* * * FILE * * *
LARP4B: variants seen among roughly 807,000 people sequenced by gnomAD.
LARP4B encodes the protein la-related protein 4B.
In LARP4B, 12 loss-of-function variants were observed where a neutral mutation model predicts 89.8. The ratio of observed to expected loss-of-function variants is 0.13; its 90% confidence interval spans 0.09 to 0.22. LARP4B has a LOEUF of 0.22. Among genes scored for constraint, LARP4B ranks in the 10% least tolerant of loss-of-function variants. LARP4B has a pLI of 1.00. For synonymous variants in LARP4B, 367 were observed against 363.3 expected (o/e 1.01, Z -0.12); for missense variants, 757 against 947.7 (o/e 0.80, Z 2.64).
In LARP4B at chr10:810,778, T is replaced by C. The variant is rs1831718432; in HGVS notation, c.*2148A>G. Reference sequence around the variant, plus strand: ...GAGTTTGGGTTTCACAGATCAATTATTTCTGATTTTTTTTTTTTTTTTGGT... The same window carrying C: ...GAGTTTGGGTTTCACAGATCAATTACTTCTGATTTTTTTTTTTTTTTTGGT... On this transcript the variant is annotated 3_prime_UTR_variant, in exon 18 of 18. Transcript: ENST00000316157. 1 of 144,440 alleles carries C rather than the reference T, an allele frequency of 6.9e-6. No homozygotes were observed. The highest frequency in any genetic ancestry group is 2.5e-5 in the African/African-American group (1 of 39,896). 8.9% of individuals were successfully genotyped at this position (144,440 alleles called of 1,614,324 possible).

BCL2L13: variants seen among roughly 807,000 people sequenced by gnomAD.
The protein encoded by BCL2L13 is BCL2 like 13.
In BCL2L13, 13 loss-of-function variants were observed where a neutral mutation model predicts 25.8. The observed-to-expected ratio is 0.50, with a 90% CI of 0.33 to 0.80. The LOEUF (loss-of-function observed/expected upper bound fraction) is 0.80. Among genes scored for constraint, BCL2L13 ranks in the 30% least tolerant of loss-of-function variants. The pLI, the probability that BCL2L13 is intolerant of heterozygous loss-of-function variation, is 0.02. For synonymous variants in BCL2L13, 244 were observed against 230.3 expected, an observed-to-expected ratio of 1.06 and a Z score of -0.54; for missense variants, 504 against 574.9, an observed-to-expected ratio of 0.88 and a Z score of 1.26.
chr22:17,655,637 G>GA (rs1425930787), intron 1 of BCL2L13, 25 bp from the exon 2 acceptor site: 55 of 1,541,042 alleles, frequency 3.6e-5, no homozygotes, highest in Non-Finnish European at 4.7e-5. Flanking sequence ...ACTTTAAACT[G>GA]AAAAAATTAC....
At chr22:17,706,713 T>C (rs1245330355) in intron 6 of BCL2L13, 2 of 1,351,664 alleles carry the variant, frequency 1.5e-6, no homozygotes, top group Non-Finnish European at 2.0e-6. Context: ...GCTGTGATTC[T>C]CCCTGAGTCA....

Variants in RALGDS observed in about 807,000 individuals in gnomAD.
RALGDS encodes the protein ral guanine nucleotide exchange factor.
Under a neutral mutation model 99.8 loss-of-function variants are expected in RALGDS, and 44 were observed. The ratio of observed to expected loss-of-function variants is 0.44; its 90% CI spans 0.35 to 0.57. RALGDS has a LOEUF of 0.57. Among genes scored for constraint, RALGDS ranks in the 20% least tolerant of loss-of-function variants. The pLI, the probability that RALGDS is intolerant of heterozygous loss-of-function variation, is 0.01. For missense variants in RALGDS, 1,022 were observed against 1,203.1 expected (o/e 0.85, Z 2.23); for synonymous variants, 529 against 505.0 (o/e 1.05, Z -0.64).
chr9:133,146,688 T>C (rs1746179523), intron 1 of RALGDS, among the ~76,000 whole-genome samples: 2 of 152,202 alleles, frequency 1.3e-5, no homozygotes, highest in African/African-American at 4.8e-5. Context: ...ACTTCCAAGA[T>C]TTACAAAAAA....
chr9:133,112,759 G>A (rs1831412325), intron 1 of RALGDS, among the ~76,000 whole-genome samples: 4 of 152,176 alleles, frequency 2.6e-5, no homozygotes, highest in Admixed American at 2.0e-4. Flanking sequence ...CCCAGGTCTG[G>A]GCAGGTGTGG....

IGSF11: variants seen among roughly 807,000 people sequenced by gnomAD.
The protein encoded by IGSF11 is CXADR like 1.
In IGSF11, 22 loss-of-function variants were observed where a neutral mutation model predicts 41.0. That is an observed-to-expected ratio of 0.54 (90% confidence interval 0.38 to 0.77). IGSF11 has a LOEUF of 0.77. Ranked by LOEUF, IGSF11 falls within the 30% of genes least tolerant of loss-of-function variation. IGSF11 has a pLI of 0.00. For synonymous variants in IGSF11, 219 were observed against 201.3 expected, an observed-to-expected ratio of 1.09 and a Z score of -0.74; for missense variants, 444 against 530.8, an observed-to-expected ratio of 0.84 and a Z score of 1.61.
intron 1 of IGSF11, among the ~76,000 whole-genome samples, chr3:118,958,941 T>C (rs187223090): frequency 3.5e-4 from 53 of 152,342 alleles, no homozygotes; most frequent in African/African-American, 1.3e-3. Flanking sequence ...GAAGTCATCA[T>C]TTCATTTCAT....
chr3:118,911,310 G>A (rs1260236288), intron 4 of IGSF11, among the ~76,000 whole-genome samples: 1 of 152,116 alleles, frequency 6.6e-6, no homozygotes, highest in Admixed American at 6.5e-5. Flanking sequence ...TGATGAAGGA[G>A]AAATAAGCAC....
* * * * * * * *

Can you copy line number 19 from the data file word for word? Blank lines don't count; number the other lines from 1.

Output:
chr3:118,911,310 G>A (rs1260236288), intron 4 of IGSF11, among the ~76,000 whole-genome samples: 1 of 152,116 alleles, frequency 6.6e-6, no homozygotes, highest in Admixed American at 6.5e-5. Flanking sequence ...TGATGAAGGA[G>A]AAATAAGCAC....